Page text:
However, the term “patient” can also refer to non-human animals, preferably mammals such as dogs, cats, horses, cows, pigs, sheep and non-human primates, among others, that are in need of treatment.

The term “group” refers to a group of patients as well as a sub-group of patients.

The term “first-line therapy” as used herein refers to the first type of drug therapy given for the treatment of cancer or metastasis. This can be an adjuvant or neoadjuvant chemotherapy or immunotherapy offered initially following diagnosis and/or surgery. The term “adjuvant chemotherapy or immunotherapy” as used herein refers a treatment after surgery with the intention of prevent cancer from coming back, the term “neoadjuvant chemotherapy or immunotherapy” as used herein refers to a treatment given prior to surgery with the idea of decreasing the tumor size. The term “chemotherapy” as used herein refers to cancer chemotherapy which is the use of chemical or biochemical substances, like cytotoxic drugs such 5-fluoruracil, or targeted therapies with monoclonal antibodies such as trastuzumab, or with kinase inhibitors such as erlotinib, to treat cancer.

The term “monotherapy” as used herein refers to a therapy with a single chemical or biochemical substance compared to the term “combination therapy” which refers to a therapy with two or more chemical or biochemical substances.

The term “first-line monotherapy” as used herein refers to the first-line therapy as defined above with a single chemical or biochemical substance (in contrast to the term “first-line combination therapy” which refers to a first-line therapy with two or more chemical or biochemical substances).

The invention comprises the use of trastuzumab and pertuzumab, either in one single or two formulations, for the manufacture of a medicament for the treatment of HER2 positive cancer or metastasis of HER2 positive cancer in a patient, who does not respond to a monotherapy with trastuzumab or pertuzumab, preferably a first-line monotherapy with trastuzumab, or to successive monotherapies with trastuzumab and pertuzumab, comprising co-administering to said patient trastuzumab and pertuzumab simultaneously or sequentially.

The invention further comprises the use of trastuzumab and pertuzumab for the manufacture of a medicament for the treatment of HER2 positive cancer or metastasis of HER2 positive cancer in a patient, who does not respond to a first-line monotherapy with trastuzumab, comprising co-administering to said patient trastuzumab and pertuzumab simultaneously or sequentially.

The invention further comprises the use of pertuzumab for the manufacture of a medicament for the treatment of HER2 positive cancer or metastasis of HER2 positive cancer in a patient, who does not respond to a first-line monotherapy with trastuzumab, comprising co-administering to said patient trastuzumab and pertuzumab simultaneously or sequentially.

The invention further comprises the use of trastuzumab and pertuzumab for the manufacture of a medicament for the treatment of HER2 positive cancer or metastasis of HER2 positive cancer in a patient, who responds neither to a monotherapy with trastuzumab nor to a monotherapy with pertuzumab, comprising co-administering to said patient trastuzumab and pertuzumab simultaneously or sequentially.

The invention further comprises the use of pertuzumab for the manufacture of a medicament for the treatment of HER2 positive cancer or metastasis of HER2 positive cancer in a patient, who responds neither to a monotherapy with trastuzumab nor to a monotherapy with pertuzumab, comprising co-administering to said patient trastuzumab and pertuzumab simultaneously or sequentially.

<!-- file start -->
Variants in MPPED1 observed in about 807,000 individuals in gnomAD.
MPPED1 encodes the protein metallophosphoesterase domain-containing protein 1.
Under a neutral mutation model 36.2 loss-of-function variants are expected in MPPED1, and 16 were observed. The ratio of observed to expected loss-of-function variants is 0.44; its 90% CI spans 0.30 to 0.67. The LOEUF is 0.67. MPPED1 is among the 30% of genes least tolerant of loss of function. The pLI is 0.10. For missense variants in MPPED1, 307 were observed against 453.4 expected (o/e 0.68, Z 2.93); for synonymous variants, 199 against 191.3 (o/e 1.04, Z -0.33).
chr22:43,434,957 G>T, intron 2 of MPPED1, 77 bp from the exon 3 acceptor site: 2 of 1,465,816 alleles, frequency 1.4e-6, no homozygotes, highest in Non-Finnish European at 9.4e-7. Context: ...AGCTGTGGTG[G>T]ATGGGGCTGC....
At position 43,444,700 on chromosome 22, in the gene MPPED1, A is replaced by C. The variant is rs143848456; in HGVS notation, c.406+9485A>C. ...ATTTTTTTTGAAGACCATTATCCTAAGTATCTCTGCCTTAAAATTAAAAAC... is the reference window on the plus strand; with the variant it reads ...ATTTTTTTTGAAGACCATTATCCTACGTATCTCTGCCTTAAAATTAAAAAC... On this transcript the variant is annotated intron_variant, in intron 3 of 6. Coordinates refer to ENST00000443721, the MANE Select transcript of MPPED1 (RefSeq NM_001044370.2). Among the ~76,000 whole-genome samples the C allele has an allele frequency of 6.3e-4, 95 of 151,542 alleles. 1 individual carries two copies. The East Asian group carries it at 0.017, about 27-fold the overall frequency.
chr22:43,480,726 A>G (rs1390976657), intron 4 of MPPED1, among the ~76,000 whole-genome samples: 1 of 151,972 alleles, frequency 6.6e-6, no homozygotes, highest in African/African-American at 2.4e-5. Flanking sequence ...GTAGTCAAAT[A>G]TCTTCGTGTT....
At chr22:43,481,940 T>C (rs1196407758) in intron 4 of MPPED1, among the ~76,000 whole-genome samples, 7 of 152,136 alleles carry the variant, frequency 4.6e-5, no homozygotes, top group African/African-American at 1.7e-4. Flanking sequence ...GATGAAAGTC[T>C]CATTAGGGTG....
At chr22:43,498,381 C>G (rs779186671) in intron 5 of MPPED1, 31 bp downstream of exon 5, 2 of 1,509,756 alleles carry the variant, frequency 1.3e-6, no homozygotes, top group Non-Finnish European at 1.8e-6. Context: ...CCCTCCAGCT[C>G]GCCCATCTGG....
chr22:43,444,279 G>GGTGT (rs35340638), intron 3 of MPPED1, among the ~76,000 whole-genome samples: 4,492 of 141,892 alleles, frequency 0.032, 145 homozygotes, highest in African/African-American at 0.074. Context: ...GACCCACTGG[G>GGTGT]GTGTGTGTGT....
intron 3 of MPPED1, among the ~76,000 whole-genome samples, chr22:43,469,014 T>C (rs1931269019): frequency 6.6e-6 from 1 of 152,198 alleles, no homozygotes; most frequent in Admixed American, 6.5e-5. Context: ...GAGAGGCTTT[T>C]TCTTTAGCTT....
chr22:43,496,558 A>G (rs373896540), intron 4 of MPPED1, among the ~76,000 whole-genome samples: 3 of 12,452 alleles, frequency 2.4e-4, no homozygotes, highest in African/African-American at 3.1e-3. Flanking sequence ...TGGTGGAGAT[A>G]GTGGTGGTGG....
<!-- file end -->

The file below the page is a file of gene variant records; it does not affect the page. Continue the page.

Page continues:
The non-response (NR) of said patient, who does not respond to a monotherapy with trastuzumab or pertuzumab, or to successive monotherapies with trastuzumab and pertuzumab is established according to the above definition of NR.

The term “successive monotherapies with trastuzumab and pertuzumab” refers to two separate monotherapies with trastuzumab and pertuzumab, wherein between the last dose of the first monotherapy, e.g. with trastuzumab, and the first dose of the second monotherapy, e.g. with pertuzumab, lays an interval of at least 3 weeks, preferably 4 weeks, and more preferably 5 or 6 weeks.

In a preferred embodiment of the invention the treatment is directed to HER2 positive cancer in a patient, who does not respond to a monotherapy with trastuzumab or pertuzumab, preferably to a first-line monotherapy with trastuzumab, or to successive monotherapies with trastuzumab and pertuzumab, comprising co-administering to said patient trastuzumab and pertuzumab simultaneously or sequentially.

In a preferred embodiment of the invention the treatment is directed to HER2 positive cancer in a patient, who does not respond to a monotherapy with trastuzumab or pertuzumab, preferably to a first-line monotherapy with trastuzumab, comprising co-administering to said patient trastuzumab and pertuzumab simultaneously or sequentially.

In another preferred embodiment of the invention the treatment is directed to the metastasis of HER2 positive cancer in a patient, who does not respond to a monotherapy with trastuzumab or pertuzumab, preferably to a first-line monotherapy with trastuzumab, or to successive monotherapies with trastuzumab and pertuzumab, comprising co-administering to said patient trastuzumab and pertuzumab simultaneously or sequentially.

In another preferred embodiment of the invention the treatment is directed to the metastasis of HER2 positive cancer in a patient, who does not respond to a monotherapy with trastuzumab or pertuzumab, preferably to a first-line monotherapy with trastuzumab, comprising co-administering to said patient trastuzumab and pertuzumab simultaneously or sequentially.